DeSoto County emergency management interim director Catherine Furr

DeSoto County emergency management interim director Catherine Furr

Dear Residents,

It’s that time of year to prepare for hurricane season. Please don’t wait until the first storm is approaching.

This year, consider COVID-19-related precautions and, if possible, add hand sanitizer and cloth masks to your emergency preparedness kits. The experience with COVID-19 demonstrates to all of us the importance of having disaster supplies in our homes. We do not know what the 2020 Atlantic hurricane season will be like, but everyone should have a plan and prepare now.

The ongoing response to the COVID-19 pandemic has presented many challenges and opportunities for public safety and emergency management. One of the most important is making sure the correct measures are in place to operate hurricane shelters while COVID-19 is still a concern. Emergency Management and the Florida Department of Health in DeSoto County have been in regular communication, discussing ways to safely operate storm shelters, by modifying procedures, to accommodate the CDC’s social distancing guidelines.

People who are medically dependent and will need assistance during a storm are encouraged to submit an application to the Special Needs Program, which can be done online at DeSoto County Emergency Management (desotobocc.com/department/emergency management/special-needs) or by calling our office at 863-993-4831. In addition, all registered medically dependent persons must make every effort to bring a caregiver to the designated medically dependent hurricane shelter. Pets are not allowed in the Special Needs Shelter facility. If necessary, prearrange pet care with your local veterinarian or indicate this need on your Special Needs program application.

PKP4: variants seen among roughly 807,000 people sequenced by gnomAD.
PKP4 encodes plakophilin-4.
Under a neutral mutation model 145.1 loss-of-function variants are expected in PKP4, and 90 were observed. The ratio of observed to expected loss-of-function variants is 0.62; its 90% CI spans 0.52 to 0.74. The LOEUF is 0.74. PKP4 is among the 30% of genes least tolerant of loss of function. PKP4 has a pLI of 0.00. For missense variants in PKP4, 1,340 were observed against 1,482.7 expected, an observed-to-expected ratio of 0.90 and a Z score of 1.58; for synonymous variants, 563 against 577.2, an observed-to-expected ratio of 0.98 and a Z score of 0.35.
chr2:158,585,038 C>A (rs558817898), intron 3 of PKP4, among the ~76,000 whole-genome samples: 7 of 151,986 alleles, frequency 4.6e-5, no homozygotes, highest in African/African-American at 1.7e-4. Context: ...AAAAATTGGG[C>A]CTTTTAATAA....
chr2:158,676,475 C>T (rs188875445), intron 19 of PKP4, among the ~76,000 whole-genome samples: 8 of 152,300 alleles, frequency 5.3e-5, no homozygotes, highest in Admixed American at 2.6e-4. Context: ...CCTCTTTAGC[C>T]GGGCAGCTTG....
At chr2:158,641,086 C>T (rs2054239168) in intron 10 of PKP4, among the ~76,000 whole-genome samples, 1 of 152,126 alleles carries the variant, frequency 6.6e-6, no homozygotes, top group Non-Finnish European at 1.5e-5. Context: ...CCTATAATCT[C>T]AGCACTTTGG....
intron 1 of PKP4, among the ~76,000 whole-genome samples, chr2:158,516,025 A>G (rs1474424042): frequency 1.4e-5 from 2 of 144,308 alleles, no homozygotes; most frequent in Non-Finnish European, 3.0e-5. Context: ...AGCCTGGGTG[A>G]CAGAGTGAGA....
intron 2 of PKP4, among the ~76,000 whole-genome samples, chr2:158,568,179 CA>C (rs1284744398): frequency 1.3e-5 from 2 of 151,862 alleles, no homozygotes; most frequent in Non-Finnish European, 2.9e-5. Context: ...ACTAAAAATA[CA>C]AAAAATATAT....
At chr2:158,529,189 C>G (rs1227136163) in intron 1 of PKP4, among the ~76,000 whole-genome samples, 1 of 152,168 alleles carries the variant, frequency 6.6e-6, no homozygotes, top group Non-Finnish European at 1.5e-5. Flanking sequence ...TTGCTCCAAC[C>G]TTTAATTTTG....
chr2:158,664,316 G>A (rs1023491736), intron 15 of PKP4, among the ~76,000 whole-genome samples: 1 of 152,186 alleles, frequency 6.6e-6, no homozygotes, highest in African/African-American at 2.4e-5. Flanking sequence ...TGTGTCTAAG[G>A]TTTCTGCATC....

Whether to stay or evacuate for a hurricane depends on which type of home you reside in. As a hurricane approaches, DeSoto County Emergency Management may issue evacuation orders depending on the intensity of the storm. Your home may not be safe during a major hurricane — a Category 3 or higher — if it wasn’t constructed to meet Florida building codes.

If you haven’t done a wind inspection on your house, or if you don’t have storm shutters, it may not be safe to stay. If you do have to evacuate, you should first try to stay with friends or family who live in a safe, prepared home outside of the evacuation area.

In the event of a storm, should you need to leave your home and cannot stay with family or friends, a hurricane shelter can be a safe place, but should be considered a final resort.

Emergency Management will be coordinating with the DeSoto County Turner Agri-Civic Center to use the facility as a general population hurricane shelter. The opening of this shelter will be announced through the media, county website, county social media platforms and via text alerts. The shelter is considered a last resort shelter and evacuees are expected to bring all their disaster supplies, (food, water and snacks) including bedding and comfort items. Pets are allowed at this shelter. However, owners are responsible to ensure that they have the appropriate crate, leash and food supplies. Pets must also be current on all vaccinations and have identifying tagged collars.

DeSoto County Emergency Management will keep residents informed as storms approach, and residents can count on us for help after a storm has passed. But, residents need to be prepared and self-sufficient until we can respond. Being prepared is the best way to make sure your family is ready for any disaster. Remember, “The first 72 are on you!”

Another important step for storm preparation and storm information should be a visit to DeSoto County’s website (desotobocc.com) for information on preparations for your family, your home, your neighborhood and business.

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